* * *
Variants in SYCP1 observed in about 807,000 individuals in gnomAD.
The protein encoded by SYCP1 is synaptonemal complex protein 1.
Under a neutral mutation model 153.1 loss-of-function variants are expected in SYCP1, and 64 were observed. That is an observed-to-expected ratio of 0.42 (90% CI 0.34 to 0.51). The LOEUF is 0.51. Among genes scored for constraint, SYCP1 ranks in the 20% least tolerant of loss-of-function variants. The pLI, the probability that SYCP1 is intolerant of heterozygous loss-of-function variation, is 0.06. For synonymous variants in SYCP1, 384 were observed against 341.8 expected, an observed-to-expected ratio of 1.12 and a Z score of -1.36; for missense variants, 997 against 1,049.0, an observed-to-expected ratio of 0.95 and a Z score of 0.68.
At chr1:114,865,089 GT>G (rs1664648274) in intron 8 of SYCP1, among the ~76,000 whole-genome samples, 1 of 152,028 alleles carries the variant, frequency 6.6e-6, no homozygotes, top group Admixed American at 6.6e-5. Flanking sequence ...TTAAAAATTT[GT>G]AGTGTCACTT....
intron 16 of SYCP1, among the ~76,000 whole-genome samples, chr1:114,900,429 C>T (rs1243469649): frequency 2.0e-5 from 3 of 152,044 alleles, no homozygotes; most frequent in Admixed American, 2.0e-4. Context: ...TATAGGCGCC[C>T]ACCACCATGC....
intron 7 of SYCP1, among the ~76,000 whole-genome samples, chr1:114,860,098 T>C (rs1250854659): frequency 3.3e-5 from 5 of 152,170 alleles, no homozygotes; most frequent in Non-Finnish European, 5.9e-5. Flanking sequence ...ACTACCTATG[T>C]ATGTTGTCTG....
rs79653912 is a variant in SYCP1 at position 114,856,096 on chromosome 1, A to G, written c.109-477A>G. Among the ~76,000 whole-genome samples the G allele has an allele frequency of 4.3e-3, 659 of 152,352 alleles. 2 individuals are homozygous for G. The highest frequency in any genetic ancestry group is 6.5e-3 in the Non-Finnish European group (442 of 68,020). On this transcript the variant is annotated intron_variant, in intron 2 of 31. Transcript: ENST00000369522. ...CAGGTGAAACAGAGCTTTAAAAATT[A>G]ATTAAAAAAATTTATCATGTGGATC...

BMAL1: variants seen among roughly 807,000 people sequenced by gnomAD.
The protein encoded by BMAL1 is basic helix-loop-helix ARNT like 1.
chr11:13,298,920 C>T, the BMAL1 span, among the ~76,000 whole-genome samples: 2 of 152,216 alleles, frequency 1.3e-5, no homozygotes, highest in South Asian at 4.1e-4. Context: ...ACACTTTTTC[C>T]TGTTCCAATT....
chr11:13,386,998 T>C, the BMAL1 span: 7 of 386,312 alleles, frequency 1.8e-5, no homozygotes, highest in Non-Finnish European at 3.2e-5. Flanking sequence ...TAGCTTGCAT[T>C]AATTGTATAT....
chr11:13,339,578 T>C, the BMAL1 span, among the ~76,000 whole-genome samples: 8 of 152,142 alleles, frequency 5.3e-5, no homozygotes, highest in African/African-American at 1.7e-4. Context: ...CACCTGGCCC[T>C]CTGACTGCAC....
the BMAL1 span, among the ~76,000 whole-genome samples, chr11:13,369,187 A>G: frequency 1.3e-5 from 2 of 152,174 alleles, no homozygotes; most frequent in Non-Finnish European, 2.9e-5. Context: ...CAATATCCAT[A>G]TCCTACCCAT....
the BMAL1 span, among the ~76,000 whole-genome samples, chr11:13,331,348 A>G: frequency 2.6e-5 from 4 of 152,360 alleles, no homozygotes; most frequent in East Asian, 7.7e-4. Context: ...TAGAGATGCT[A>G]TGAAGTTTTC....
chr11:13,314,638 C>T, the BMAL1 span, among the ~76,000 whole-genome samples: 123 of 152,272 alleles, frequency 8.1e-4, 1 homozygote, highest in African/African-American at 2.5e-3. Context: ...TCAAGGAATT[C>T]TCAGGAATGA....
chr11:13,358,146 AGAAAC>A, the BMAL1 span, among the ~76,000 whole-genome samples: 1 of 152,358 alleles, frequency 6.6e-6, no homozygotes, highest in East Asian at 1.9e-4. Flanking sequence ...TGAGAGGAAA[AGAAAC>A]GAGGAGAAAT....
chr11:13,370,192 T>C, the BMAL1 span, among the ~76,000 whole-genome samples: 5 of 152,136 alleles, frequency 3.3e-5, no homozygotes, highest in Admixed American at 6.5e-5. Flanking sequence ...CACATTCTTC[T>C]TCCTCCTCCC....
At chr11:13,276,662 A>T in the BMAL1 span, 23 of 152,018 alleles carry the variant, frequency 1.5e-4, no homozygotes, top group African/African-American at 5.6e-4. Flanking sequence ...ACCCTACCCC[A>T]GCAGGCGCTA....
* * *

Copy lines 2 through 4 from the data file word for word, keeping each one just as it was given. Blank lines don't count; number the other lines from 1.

The protein encoded by SYCP1 is synaptonemal complex protein 1.
Under a neutral mutation model 153.1 loss-of-function variants are expected in SYCP1, and 64 were observed. That is an observed-to-expected ratio of 0.42 (90% CI 0.34 to 0.51). The LOEUF is 0.51. Among genes scored for constraint, SYCP1 ranks in the 20% least tolerant of loss-of-function variants. The pLI, the probability that SYCP1 is intolerant of heterozygous loss-of-function variation, is 0.06. For synonymous variants in SYCP1, 384 were observed against 341.8 expected, an observed-to-expected ratio of 1.12 and a Z score of -1.36; for missense variants, 997 against 1,049.0, an observed-to-expected ratio of 0.95 and a Z score of 0.68.
At chr1:114,865,089 GT>G (rs1664648274) in intron 8 of SYCP1, among the ~76,000 whole-genome samples, 1 of 152,028 alleles carries the variant, frequency 6.6e-6, no homozygotes, top group Admixed American at 6.6e-5. Flanking sequence ...TTAAAAATTT[GT>G]AGTGTCACTT....